The ICC’s Israel Decision Is Bad for Everyone but Mahmoud Abbas and His Cronies

Feb. 17 2021

In a recent ruling extending its own jurisdiction on flimsy legal grounds, the International Criminal Court (ICC) has given its prosecutor a green light to pursue an investigation into alleged war crimes committed by Hamas and the state of Israel—namely, the launching of rockets and explosive devices at civilians by the former and the building of houses by the latter. Richard Kemp puts the decision in context, and examines its implications:

The ICC has long had its sights on what it no doubt considers an unholy trinity: Israel, the U.S., and Britain. [The outgoing chief prosecutor, Fatou Bensouda], failed to get her way with the U.S. and the UK. . . . So for the time being, Israel remains the prize.

The effects of the ICC’s decision will be profound. This is only the end of the beginning. Unless halted, investigations into spurious allegations of war crimes will go on for years, perhaps decades, creating a global bonanza for all who hate Israel, [and will be] utilized to stir up hatred and violence against Israelis and Jews everywhere.

But the most detrimental effect of the ICC’s decision will be felt by the Palestinian people who, for decades, have been abused as political pawns by their leaders and who would be the greatest beneficiaries of any peace agreement with Israel. The ICC’s ruling makes such a deal even more remote today.

[There] was an opportunity for creative diplomacy by the Biden administration, [by], on the one hand, encouraging further progress through the Abraham Accords while on the other restoring ties with the Palestinians after their refusal of any relationship with the hated President Trump. . . . Enter the ICC pre-trial chamber, throwing a lifeline to [the Palestinian Authority president] Abbas.

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Read more at Gatestone

More about: ICC, International Law, Mahmoud Abbas, U.S. Foreign policy, United Kingdom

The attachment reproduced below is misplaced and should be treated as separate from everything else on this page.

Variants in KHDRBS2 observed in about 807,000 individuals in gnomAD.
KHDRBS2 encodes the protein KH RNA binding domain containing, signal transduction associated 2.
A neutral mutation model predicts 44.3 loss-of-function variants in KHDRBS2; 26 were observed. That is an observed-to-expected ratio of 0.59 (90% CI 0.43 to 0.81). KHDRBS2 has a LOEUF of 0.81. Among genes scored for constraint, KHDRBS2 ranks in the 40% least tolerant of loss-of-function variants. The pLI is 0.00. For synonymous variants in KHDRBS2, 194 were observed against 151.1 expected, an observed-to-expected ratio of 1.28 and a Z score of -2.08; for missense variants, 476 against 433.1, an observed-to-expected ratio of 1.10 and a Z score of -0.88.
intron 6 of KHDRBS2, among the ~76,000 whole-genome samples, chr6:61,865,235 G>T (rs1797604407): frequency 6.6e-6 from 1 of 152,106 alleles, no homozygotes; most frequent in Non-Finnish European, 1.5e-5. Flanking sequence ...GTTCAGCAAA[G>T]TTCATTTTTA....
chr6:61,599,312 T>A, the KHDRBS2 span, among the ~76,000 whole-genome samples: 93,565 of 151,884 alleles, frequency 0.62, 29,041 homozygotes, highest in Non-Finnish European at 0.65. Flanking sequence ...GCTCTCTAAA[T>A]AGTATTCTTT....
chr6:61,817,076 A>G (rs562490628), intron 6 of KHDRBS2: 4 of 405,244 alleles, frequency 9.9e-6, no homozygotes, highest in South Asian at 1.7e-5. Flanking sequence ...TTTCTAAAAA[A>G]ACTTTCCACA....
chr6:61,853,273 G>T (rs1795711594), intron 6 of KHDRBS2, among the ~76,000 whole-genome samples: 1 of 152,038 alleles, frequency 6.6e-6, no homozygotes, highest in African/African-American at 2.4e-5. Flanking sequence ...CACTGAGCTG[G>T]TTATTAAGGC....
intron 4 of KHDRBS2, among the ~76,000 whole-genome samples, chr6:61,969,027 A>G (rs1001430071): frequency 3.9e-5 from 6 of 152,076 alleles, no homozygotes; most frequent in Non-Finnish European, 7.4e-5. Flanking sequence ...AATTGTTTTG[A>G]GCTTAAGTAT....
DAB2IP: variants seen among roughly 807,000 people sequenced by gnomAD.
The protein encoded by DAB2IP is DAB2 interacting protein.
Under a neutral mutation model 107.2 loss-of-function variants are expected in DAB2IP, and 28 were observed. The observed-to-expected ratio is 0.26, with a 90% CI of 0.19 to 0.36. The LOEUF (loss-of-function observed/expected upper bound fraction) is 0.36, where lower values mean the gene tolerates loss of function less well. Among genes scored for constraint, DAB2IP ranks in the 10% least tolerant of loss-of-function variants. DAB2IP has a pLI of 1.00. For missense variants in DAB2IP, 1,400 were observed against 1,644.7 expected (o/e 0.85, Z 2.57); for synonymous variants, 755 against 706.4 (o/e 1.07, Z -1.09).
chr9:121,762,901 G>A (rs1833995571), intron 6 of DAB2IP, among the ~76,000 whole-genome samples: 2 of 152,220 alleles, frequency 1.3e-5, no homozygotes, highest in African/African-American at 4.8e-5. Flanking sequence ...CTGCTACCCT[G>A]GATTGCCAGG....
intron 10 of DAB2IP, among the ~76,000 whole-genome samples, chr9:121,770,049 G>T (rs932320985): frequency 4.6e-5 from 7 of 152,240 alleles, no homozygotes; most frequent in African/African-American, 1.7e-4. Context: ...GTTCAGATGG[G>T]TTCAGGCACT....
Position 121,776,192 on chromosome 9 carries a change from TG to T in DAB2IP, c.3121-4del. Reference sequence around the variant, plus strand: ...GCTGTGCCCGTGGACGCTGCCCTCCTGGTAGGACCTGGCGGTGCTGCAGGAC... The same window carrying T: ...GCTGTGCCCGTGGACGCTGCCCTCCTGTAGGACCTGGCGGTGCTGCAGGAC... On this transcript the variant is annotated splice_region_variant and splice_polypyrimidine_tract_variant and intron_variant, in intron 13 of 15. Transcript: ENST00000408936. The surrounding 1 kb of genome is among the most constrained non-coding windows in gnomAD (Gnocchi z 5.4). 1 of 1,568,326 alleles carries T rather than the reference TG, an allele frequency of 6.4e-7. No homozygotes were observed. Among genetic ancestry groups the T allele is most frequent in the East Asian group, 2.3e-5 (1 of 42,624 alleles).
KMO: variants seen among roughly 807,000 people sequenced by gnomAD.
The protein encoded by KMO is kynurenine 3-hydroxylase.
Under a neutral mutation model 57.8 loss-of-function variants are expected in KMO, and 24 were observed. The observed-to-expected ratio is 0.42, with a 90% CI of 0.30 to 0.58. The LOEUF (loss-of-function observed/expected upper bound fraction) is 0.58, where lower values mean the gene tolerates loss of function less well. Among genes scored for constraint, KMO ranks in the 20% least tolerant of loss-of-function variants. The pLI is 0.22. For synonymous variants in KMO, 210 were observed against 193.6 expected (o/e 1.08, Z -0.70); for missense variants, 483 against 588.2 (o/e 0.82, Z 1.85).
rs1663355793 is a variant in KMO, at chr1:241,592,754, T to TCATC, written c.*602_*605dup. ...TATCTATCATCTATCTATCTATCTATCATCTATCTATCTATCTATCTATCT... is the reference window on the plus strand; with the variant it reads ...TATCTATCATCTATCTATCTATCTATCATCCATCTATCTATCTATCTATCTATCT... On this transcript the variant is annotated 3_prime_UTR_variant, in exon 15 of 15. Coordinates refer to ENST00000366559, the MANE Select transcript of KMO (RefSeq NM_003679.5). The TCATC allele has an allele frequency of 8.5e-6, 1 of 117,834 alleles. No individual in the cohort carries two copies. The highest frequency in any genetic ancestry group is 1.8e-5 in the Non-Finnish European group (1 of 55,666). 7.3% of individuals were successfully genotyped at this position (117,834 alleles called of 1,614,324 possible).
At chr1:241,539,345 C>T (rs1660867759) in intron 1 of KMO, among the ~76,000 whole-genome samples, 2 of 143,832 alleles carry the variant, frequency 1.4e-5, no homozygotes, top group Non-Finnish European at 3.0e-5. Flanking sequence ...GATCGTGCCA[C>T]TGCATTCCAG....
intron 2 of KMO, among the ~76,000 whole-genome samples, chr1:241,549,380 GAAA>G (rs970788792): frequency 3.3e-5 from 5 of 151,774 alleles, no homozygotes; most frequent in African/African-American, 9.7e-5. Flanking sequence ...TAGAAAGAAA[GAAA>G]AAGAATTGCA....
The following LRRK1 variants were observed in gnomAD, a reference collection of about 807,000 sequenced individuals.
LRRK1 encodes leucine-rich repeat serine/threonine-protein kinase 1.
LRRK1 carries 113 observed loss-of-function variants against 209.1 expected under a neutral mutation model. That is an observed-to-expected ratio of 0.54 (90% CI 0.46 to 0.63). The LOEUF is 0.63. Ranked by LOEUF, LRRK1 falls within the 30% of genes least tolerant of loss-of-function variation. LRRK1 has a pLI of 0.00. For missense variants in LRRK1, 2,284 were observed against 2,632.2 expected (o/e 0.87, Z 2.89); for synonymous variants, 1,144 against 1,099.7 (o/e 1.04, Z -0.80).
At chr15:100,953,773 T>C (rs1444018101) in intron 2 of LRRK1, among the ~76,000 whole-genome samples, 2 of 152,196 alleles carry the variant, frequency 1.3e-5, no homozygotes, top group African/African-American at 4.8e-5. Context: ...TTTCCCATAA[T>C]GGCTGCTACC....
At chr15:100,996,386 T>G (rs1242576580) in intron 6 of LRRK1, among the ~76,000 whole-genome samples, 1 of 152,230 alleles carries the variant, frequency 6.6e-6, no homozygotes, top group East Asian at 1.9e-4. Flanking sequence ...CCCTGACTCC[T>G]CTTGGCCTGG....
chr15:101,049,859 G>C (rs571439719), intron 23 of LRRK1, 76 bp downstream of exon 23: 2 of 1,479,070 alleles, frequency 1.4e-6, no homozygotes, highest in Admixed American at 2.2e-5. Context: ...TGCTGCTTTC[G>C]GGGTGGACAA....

Don’t Let Iran Go Nuclear

Sept. 29 2022

In an interview on Sunday, National Security Advisor Jake Sullivan stated that the Biden administration remains committed to nuclear negotiations with the Islamic Republic, even as it pursues its brutal crackdown on the protests that have swept the country. Robert Satloff argues not only that it is foolish to pursue the renewal of the 2015 nuclear deal, but also that the White House’s current approach is failing on its own terms:

[The] nuclear threat is much worse today than it was when President Biden took office. Oddly, Washington hasn’t really done much about it. On the diplomatic front, the administration has sweetened its offer to entice Iran into a new nuclear deal. While it quite rightly held firm on Iran’s demand to remove the Islamic Revolutionary Guard Corps from an official list of “foreign terrorist organizations,” Washington has given ground on many other items.

On the nuclear side of the agreement, the United States has purportedly agreed to allow Iran to keep, in storage, thousands of advanced centrifuges it has made contrary to the terms of the original deal. . . . And on economic matters, the new deal purportedly gives Iran immediate access to a certain amount of blocked assets, before it even exports most of its massive stockpile of enriched uranium for safekeeping in a third country. . . . Even with these added incentives, Iran is still holding out on an agreement. Indeed, according to the most recent reports, Tehran has actually hardened its position.

Regardless of the exact reason why, the menacing reality is that Iran’s nuclear program is galloping ahead—and the United States is doing very little about it. . . . The result has been a stunning passivity in U.S. policy toward the Iran nuclear issue.

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Read more at Washington Institute for Near East Policy

More about: Iran nuclear deal, Joseph Biden, U.S. Foreign policy